Recently, India figured out a fourth way which was inaugurated by Defence Minister Rajnath Singh on May 8 this year to resolve the matter for an unperturbed Mansarovar Yatra. The Border Roads Organization (BRO) has connected the Kailash Mansarovar Marg in Uttarakhand to Lipulekh Pass at an altitude of 17,060 feet. The Dharchula-Lipulekh route is an extension of the Pithoragarh-Tawaghat-Ghatibgarh road. It originates from Ghatibgarh and ends at Lipulekh Pass, the gateway to Kailash Mansarovar. In this 80 km road, the height increases from 6000 feet to 17,060 feet, remaining three km near China border. India built this link route so that the road to Lipulekh would facilitate Kailash Yatra and also provide road connectivity to the local people. At the same time, vehicles of the Army and paramilitary forces can reach close to the China border.
This is precisely why China is troubled by India for building a road to Lipulekh. This is also the reason that China is desperately preparing a new missile base near the holy Mansarovar lake. Close to this ground-to-air missile base, China has also done some new construction which can be a barrack for the soldiers. This was revealed by satellite pictures recently. Mansarovar lake is very close to the disputed tri-junction of India-China-Nepal, Lipulekh, where China is continuously increasing its strength. An open source intelligence revealed from satellite photos that China had launched one of the Surface to Air (SAM) (ground-to-air) missiles very close to the Mansarovar lake near Mount Kailash in Tibet. SAM missiles are commonly used for protection from air-raid of a sensitive military base or building. These missile systems provide protection from fighter-jets, helicopters or drones attacking from the sky.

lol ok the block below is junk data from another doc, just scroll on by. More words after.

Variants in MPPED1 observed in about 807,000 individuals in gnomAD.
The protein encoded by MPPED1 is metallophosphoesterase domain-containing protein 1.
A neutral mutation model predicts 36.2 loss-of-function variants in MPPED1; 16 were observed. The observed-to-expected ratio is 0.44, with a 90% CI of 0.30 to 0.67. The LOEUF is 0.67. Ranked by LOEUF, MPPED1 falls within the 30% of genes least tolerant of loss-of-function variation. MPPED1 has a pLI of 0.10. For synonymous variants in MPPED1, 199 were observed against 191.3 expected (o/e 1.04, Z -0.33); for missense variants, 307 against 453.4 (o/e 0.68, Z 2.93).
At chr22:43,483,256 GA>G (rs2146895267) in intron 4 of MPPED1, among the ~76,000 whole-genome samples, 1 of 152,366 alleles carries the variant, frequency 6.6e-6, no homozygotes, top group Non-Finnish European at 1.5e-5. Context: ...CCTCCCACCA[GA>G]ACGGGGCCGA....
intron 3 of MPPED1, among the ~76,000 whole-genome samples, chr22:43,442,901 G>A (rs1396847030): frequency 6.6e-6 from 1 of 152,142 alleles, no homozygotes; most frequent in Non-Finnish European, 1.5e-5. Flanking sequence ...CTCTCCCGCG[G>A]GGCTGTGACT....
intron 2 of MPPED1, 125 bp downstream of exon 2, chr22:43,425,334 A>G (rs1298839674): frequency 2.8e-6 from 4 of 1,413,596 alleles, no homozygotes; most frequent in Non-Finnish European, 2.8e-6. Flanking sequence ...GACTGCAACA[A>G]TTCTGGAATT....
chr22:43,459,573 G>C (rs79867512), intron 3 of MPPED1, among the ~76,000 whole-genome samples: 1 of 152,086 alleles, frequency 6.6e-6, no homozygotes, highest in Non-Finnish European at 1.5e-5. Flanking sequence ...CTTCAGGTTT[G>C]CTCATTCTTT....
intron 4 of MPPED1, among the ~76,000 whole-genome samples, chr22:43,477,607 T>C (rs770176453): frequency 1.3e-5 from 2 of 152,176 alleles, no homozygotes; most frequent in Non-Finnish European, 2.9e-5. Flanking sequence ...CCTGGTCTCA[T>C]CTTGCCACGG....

On the basis of satellite photographs, it is being claimed that some infrastructure development and some residential construction work is also visible near Mansarovar lake. This construction work is going on since the month of May this year and it is believed that these residential construction areas can be barracks etc. of Chinese soldiers.

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How the Indian Army has an upper hand now?
Since China did not allow the Kailash Mansarovar pilgrimages to pass through these Kailash mountain ranges crossing the border, India has achieved its major objective by taking over this part of the Kailash mountain ranges under its jurisdiction on the intervening night of August 29-30.
As we read, before the 1962 war with China, this area was under the jurisdiction of India but after the battle of Rechin-La and Chushul ing the war, the armies of both the countries went after it and the area was completely evacuated. This is the first time since 1962 that India defeated the Chinese and captured these hills in the southern end of Pangong, where the two countries have not yet been conducting military deployments. In fact, China opened a new front with India on the night of August 29/30 by trying to infiltrate the Thakung Peak at the southern end of Pangong Lake.
Indian troops launched a campaign to take over all the important peaks of the region after thrashing the Chinese. In this sequence, within 3 days, the Indian Army took the entire area of about 60-70 km south of Pangong-Tso Lake in its possession and gave a major blow to the People’s Liberation Army (PLA) of China.
The holy Mansarovar lake close to Mount Kailash is a sacred shrine for Hindus. This lake is part of the Tibet region and is very close to the India-China-Nepal border. This lake is very close to the disputed area Lipulekh and Kalapani of this tri-junction and it is the same Lipulekh Pass and Kalapani area, which Nepal depicted falsely as its areas in the recently released new map. However, these areas have been part of India for centuries and are under the jurisdiction of Pithoragarh in Uttarakhand. Also, it is believed that the government of Nepal has included these areas in its new map on the incitement of China.